This was supposed to be a nice minestrone soup. The summer rain was pelting down on the roof of the conservatory and the Critic had just phoned to say that he was coming home from work early as he had the flu. I looked at my selection of fresh summer vegetables and started skimming the cookbooks and decided minestrone would be the perfect use for my seasonal vegetables. According to Marcella Hazan, I would need tomatoes (check), garlic (check), onions (check), zucchini (check), borlotti beans...no check. Or, rather to be precise, no cooked beans and the dried ones in my cupboard would take too much time to prepare. Never mind, I thought. I'll just pop down to the village shop. They have everything there. Everything but cans of Italian or French white beans as it happens. But the shop did have canned chickpeas, which set my mind off in another direction: Morocco. The Critic isn't overly fond of North African food, but I figured if it was spicy and didn't include couscous (which he can't abide for some reason) he'd never complain. I hurried home and started searching the cupboards for the elusive tube of harissa I knew was lurking there somewhere. And I found it: with a split side, spicy paste oozing everywhere and a sell-by date of 2007. Good heavens, the stuff was older than my youngest child!
And so in the end - I chucked the cookbooks and just started cooking. And really, I'm delighted that I didn't have the ingredients I wanted in the cupboard, because the soup turned out delicious: coriander and cayenne spiced the soup without overpowering the sweet tomatoes and zucchini. Chickpeas gave the bowl a satisfying bite and a bit of weight. It was hot, sweet, spicy and full of summer goodness, the perfect foil for a bout of the flu.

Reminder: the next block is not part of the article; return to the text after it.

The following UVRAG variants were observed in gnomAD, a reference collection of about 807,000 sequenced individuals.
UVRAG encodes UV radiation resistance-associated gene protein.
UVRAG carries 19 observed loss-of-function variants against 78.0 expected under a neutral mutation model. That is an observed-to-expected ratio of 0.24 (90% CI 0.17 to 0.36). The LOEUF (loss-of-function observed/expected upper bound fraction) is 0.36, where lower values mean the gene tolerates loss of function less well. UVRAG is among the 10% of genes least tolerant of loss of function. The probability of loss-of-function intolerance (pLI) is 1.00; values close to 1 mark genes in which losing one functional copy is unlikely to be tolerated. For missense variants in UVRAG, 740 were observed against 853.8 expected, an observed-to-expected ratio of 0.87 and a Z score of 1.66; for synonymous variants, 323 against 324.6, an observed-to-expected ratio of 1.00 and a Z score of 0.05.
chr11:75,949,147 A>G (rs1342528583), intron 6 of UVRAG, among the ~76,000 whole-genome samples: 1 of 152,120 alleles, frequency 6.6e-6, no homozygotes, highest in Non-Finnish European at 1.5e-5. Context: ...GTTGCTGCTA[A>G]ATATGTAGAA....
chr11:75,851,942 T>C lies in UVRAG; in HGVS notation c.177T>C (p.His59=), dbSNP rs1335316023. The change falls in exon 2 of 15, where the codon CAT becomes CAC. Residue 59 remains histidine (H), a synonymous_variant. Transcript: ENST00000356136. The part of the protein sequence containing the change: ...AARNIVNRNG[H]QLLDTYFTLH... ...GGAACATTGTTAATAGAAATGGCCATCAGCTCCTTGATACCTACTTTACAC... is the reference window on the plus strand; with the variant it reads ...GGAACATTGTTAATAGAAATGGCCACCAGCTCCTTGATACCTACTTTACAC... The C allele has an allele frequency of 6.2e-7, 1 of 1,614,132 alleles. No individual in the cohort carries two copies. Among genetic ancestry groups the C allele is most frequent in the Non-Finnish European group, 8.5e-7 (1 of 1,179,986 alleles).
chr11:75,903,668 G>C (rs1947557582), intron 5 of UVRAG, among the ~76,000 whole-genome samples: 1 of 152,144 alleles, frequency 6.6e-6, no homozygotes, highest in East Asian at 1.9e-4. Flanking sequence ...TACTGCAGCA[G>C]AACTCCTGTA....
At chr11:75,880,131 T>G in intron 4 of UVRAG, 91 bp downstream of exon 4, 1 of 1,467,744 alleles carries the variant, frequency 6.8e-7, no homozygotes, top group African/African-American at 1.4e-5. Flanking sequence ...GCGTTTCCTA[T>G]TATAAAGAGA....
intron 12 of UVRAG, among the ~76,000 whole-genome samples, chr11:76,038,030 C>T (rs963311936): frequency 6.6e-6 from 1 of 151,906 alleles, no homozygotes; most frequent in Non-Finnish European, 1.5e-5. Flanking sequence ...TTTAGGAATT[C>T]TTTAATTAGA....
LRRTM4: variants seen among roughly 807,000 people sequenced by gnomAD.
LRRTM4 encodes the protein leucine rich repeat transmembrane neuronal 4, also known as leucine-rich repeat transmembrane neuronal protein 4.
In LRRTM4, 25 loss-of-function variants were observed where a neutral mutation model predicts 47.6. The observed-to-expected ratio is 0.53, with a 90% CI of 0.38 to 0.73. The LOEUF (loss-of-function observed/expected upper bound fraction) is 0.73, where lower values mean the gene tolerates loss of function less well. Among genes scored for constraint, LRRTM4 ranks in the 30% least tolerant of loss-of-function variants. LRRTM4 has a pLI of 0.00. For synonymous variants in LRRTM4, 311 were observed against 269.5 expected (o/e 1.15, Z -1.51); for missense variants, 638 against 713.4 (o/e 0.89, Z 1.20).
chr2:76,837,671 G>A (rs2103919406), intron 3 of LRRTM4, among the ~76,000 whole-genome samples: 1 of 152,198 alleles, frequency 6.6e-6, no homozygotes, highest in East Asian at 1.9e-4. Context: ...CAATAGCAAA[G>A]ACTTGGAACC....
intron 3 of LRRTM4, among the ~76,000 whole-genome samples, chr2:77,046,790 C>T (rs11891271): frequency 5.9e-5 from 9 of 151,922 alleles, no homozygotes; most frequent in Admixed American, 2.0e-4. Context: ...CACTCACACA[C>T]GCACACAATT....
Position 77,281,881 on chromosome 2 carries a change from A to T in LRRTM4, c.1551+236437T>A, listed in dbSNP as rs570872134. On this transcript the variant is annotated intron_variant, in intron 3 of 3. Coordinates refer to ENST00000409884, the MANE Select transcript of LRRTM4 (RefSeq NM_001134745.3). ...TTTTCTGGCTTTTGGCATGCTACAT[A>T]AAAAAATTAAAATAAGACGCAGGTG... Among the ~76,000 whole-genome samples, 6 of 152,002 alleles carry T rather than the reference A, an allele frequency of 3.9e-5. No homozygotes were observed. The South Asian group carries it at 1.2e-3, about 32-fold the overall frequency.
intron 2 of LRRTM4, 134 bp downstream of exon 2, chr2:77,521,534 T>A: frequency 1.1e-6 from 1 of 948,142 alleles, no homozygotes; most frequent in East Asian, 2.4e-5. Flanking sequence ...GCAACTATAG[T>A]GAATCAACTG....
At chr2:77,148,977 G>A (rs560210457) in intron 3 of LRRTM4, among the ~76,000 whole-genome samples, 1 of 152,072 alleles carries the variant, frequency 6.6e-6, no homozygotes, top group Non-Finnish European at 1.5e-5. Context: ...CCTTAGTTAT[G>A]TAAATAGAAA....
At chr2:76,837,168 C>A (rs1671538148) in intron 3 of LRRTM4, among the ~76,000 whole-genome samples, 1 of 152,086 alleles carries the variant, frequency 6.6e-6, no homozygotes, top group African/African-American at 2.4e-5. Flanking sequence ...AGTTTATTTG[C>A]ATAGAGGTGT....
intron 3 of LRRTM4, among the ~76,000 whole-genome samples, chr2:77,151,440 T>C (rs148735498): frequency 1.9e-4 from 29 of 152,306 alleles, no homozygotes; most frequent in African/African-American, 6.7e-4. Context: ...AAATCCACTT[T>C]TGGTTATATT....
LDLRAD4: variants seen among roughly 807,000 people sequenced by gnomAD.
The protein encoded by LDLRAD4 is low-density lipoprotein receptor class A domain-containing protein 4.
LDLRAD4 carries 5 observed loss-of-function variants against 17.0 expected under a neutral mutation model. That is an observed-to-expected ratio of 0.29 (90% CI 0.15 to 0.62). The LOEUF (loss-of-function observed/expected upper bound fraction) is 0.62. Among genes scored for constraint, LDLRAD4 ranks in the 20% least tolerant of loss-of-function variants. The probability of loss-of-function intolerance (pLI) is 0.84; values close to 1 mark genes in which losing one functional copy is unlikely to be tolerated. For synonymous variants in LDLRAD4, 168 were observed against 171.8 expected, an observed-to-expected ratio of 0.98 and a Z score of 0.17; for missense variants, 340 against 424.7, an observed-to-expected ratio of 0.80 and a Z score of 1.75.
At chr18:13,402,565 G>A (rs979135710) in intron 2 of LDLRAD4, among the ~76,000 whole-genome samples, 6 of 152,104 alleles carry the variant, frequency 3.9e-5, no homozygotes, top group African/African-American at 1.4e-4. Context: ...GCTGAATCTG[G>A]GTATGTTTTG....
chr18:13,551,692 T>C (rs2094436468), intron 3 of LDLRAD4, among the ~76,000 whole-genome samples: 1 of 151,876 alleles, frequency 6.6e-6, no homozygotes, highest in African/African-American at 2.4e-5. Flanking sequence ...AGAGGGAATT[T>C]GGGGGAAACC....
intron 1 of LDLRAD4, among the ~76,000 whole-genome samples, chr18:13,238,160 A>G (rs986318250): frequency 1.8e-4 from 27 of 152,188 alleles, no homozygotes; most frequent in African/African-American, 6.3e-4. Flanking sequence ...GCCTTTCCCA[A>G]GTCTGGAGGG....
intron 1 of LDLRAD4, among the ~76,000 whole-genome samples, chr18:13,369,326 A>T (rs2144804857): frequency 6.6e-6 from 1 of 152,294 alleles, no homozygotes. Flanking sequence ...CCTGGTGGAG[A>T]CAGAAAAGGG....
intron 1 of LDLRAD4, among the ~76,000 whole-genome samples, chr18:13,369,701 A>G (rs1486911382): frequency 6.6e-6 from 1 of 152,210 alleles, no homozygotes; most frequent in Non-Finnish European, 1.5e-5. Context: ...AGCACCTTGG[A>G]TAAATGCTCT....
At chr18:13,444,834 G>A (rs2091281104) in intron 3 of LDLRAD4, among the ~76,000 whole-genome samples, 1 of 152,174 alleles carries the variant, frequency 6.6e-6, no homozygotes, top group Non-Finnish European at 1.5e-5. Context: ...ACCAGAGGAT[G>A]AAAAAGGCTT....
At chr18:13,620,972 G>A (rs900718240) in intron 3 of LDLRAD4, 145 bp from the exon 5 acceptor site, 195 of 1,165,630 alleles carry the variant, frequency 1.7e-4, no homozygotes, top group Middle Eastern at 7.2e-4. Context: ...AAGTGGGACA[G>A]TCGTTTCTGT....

Spicy Zuke Soup (makes four bowls at 3 WeightWatchers points each)
When I told the Critic I was making soup for dinner, I did not say "Hey, I'm thinking of making a spicy courgette and chickpea soup." I know my man too well. I told him I was making a spicy tomato and turkey soup. He was delighted as I knew he would be. His face fell, admittedly, when he saw how much zucchini was in his bowl. But he came back for seconds, and not because he was being polite. Use smallish tender zucchini if you can as they will hold up better in a soup and have more flavor than the big overgrown ones. (Use the big ones in zucchini bread, where no one will notice.)
1 Tbs olive oil
1 onion, chopped
3 cloves garlic, smashed and then minced roughly
250 g turkey breast meat, cubed
3 tomatoes, cubed
1/2 can of tomatoes (replace with 3 more fresh tomatoes if you have them, but we haven't hit full season here yet)
2 medium zucchini or summer squash, cubed (I had one green and one yellow, which made a prettier soup)
1 chili pepper - medium hot, finely chopped
1 tsp ground coriander
1/2 tsp cayenne pepper (or to taste)
700 ml chicken stock
salt and pepper to taste
1 can (about 300 g) cooked chickpeas (in the US these are often called garbanzo beans)
In a large soup pot, heat the olive oil over a medium flame and then add the onion. Cook for 5-7 minutes until the onions become soft and translucent. Add garlic and continue cooking another five minutes. Turn up the heat slightly and add the turkey. Quickly brown on all sides, taking care to stir frequently so that the garlic and onions don't burn. Don't worry about cooking the meat through, as it will be cooked in the stock as well. Add the zucchini, tomatoes and chili pepper and stir for a moment. Add the spices and cook until they start giving off an aroma. Add the rest of the ingredients and use a spoon to scrape the bottom of the pan if any of the meat or garlic or onions have browned on there. Simmer for 15-20 minutes, or until the zucchini are just cooked through. Taste for seasoning. At this point, I added a tablespoon of lemon juice to balance the sweet tomatoes; you may not need it if your tomatoes are not too sweet. Serve in big bowls with lots of freshly baked bread and sweet butter if you have it.